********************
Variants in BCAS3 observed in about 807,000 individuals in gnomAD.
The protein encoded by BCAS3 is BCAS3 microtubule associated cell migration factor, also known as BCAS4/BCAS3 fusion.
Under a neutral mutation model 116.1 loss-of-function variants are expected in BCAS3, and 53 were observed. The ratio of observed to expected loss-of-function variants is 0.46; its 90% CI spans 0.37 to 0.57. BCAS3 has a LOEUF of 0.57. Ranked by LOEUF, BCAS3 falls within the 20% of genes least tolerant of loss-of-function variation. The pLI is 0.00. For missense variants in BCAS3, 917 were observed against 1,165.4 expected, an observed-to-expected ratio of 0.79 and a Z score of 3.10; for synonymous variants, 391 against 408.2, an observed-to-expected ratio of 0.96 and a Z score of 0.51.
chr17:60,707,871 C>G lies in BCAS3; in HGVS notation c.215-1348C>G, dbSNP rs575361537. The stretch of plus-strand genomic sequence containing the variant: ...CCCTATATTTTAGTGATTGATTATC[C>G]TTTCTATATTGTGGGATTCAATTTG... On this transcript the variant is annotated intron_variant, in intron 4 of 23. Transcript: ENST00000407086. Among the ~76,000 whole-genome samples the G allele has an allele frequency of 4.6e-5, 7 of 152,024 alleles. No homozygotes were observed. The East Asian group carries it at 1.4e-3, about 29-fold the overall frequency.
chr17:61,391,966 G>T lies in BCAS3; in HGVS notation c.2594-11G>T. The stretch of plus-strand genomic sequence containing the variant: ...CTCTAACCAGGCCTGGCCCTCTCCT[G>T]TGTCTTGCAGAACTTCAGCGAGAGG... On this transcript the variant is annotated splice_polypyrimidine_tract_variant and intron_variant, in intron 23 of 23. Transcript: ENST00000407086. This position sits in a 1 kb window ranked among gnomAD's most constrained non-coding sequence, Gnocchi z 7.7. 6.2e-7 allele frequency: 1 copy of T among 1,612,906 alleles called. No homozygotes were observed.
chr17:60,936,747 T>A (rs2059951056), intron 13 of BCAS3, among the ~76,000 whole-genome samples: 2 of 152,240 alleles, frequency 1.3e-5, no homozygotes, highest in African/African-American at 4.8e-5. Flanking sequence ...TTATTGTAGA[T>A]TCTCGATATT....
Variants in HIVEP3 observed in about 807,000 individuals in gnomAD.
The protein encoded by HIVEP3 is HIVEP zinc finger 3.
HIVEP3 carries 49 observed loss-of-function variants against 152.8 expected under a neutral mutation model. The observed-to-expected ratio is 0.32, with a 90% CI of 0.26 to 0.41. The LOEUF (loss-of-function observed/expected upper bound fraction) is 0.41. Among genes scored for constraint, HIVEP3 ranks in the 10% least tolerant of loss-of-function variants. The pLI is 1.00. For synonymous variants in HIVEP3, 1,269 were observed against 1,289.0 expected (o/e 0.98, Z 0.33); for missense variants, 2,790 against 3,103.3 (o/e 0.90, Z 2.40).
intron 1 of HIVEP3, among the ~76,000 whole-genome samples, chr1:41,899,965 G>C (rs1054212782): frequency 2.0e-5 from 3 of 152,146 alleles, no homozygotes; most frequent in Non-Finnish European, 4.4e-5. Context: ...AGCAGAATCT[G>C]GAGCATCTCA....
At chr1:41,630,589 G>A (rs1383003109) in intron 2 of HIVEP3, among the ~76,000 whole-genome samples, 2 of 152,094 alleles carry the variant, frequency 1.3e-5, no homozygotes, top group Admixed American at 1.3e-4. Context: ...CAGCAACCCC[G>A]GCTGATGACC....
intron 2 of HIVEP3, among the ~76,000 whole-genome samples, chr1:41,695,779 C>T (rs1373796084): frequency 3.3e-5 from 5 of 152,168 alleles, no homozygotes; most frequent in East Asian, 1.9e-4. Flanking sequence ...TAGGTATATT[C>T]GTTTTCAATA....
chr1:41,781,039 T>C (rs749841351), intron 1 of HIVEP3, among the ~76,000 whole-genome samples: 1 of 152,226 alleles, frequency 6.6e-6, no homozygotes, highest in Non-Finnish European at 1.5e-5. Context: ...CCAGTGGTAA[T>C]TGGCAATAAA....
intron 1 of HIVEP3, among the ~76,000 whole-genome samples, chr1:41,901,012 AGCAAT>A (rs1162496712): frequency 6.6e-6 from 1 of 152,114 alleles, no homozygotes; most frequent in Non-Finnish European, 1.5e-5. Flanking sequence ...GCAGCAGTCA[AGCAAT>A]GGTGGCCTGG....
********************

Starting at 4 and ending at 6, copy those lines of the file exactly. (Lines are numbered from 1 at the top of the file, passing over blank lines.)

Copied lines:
chr17:60,707,871 C>G lies in BCAS3; in HGVS notation c.215-1348C>G, dbSNP rs575361537. The stretch of plus-strand genomic sequence containing the variant: ...CCCTATATTTTAGTGATTGATTATC[C>G]TTTCTATATTGTGGGATTCAATTTG... On this transcript the variant is annotated intron_variant, in intron 4 of 23. Transcript: ENST00000407086. Among the ~76,000 whole-genome samples the G allele has an allele frequency of 4.6e-5, 7 of 152,024 alleles. No homozygotes were observed. The East Asian group carries it at 1.4e-3, about 29-fold the overall frequency.
chr17:61,391,966 G>T lies in BCAS3; in HGVS notation c.2594-11G>T. The stretch of plus-strand genomic sequence containing the variant: ...CTCTAACCAGGCCTGGCCCTCTCCT[G>T]TGTCTTGCAGAACTTCAGCGAGAGG... On this transcript the variant is annotated splice_polypyrimidine_tract_variant and intron_variant, in intron 23 of 23. Transcript: ENST00000407086. This position sits in a 1 kb window ranked among gnomAD's most constrained non-coding sequence, Gnocchi z 7.7. 6.2e-7 allele frequency: 1 copy of T among 1,612,906 alleles called. No homozygotes were observed.
chr17:60,936,747 T>A (rs2059951056), intron 13 of BCAS3, among the ~76,000 whole-genome samples: 2 of 152,240 alleles, frequency 1.3e-5, no homozygotes, highest in African/African-American at 4.8e-5. Flanking sequence ...TTATTGTAGA[T>A]TCTCGATATT....